Final Fantasy VII: Ever Crisis is pretty good. More importantly, it might be the least obnoxious gacha game I’ve ever played.
Emphasis on might. At first glance – that is, via my time with last month’s closed beta – it feels like a full-fledged RPG first, mobile gacha second. Until the game’s been released, and folks have been given the requisite time with the optional real-world currency system, it’s impossible to say just how rough that stuff will be. What I can tell you is as follows. First, the gacha mechanics are tied entirely to weaponry. Second, Ever Crisis offers compelling content for those who, like me, don’t care much about having the best in-game trinkets at any given point, and just want to enjoy the story. Asterisk on that bit; I’ll explain later.
When it was announced, Square Enix’s master plan to retell the full original Final Fantasy VII in a fresh form, alongside everything from the old Compilation of FFVII, felt like one of those monkey’s paw situations. On the one hand, it’s cool that we’ll have modern takes on games that are otherwise unavailable in modern ways – Dirge of Cerberus isn’t a good video game, but it’s still worth checking out for Final Fantasy enthusiasts, and Before Crisis has never been officially localized. Checking out Crisis Core in this format so soon after the recent remaster is a little weird, but hey.
These are all good things… until the gacha thing enters the equation. Most of us have been practically trained at this point to tense up at the mention of that, and I can’t help wondering how much that automatic reaction has affected Square’s shrinking mobile gaming market.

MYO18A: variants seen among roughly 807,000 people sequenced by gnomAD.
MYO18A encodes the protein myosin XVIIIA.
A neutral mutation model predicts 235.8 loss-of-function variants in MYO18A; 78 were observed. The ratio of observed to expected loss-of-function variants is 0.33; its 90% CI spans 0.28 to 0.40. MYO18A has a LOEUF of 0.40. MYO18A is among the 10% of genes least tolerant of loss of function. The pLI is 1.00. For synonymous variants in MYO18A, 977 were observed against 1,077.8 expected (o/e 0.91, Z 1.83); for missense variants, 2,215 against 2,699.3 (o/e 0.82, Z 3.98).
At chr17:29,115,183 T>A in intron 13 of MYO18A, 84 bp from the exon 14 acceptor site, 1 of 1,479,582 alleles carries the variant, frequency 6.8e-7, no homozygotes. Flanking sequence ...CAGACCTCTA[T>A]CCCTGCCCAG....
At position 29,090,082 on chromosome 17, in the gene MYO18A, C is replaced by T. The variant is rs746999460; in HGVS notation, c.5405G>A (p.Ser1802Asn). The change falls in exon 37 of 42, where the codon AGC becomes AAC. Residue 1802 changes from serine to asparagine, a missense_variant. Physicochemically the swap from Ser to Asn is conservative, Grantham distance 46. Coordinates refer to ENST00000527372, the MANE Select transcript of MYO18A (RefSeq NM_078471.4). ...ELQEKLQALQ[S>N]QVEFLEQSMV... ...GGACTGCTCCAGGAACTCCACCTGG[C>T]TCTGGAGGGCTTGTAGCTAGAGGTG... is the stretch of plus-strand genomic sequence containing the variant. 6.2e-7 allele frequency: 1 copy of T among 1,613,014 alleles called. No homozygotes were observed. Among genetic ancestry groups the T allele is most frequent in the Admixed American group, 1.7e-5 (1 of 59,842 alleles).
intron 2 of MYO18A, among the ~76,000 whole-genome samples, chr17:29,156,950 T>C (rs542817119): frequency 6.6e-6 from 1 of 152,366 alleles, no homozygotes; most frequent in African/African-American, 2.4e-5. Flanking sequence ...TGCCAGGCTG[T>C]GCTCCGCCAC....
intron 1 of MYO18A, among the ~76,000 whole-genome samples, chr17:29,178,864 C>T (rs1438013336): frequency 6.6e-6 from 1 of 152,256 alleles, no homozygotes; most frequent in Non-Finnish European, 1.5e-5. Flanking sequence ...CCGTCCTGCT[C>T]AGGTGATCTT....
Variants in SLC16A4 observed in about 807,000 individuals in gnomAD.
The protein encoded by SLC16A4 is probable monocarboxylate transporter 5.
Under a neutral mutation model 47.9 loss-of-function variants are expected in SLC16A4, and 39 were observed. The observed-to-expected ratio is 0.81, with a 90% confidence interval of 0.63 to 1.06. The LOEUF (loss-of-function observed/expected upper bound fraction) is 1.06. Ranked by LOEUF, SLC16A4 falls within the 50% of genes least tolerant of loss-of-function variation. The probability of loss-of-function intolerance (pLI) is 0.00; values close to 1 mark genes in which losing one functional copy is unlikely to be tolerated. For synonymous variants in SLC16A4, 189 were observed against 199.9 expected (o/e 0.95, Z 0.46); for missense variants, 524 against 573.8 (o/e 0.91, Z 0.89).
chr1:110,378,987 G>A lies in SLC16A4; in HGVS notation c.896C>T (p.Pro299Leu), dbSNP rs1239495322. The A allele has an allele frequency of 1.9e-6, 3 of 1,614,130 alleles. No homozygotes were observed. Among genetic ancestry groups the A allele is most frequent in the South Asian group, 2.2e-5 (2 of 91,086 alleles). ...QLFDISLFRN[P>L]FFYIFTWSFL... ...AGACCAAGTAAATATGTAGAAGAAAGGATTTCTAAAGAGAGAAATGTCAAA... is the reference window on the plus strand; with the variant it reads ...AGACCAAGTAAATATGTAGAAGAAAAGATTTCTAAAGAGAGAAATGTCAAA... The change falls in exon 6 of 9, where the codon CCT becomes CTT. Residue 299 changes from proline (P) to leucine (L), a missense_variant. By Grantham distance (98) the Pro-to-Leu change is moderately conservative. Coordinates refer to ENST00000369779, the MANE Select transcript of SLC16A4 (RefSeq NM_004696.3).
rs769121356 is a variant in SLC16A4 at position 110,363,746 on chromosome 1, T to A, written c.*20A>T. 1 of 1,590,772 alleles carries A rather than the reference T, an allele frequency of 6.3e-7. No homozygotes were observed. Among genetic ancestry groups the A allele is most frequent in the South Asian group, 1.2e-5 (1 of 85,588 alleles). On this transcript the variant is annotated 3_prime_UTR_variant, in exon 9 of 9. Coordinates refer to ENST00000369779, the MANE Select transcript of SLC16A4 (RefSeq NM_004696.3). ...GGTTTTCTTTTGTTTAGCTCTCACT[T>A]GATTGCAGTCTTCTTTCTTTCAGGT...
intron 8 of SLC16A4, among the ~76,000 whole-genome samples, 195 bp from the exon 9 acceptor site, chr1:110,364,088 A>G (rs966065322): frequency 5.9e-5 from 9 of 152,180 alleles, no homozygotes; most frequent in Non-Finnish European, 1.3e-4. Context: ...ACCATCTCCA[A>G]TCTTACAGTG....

So, yeah. Thank goodness Ever Crisis doesn’t show any immediate signs of being a quick cash-in, and it certainly shows no signs of being a low-rent one at that. This game’s gorgeous when it wants to be, with superb battle graphics. Even as you explore stages, Ever Crisis pops with exactly the kind of aesthetic I’d hoped for – a higher-definition spin on OG Final Fantasy VII’s layout.
That said, don’t expect the full-fat package to be playable the same way it once was; not every screen has been recreated, and not every segment lets you move around manually, resulting in a somewhat truncated spin. That’s a bummer, albeit not unexpected, and it’s partially made up for in a surprisingly novel approach. Chill little plot sequences with no gameplay save for a few dialogue options, where you get to know the gang a little better. That’s right, it’s truly new original-canon FFVII content. Cool.
As for Crisis Core and The First SOLDIER – both of which had their first chapters playable during the beta – the former follows suit with the approach to FFVII’s partial truncation, whilst the latter is basically an all-new thing, and not just because barely anybody played the briefly-lived battle royale.
The First SOLDIER’s inclusion is a treat, even if my initial encounter with its (previously cutscene-only) cast didn’t impress me much. The fact that Ever Crisis will, at least for however long it’s around, give fans a second attempt at that game’s setting means its premise won’t be lost to time… yet, anyway. Ugh, having to bear in mind that Ever Crisis itself may live on borrowed time is not fun – maybe given the way it’s designed, it can launch an offline version when that inevitable bell tolls.
Ever Crisis’ blend of original and Remake sensibilities means the fights are all shiny as heck, with a classic ATB gauge and automated normal attacks as the baseline, and several equippable manually-selected skills at the ready whenever the gauge is filled. It’s frankly the most impressive battle system execution I’ve seen that’s exclusively available on mobile devices.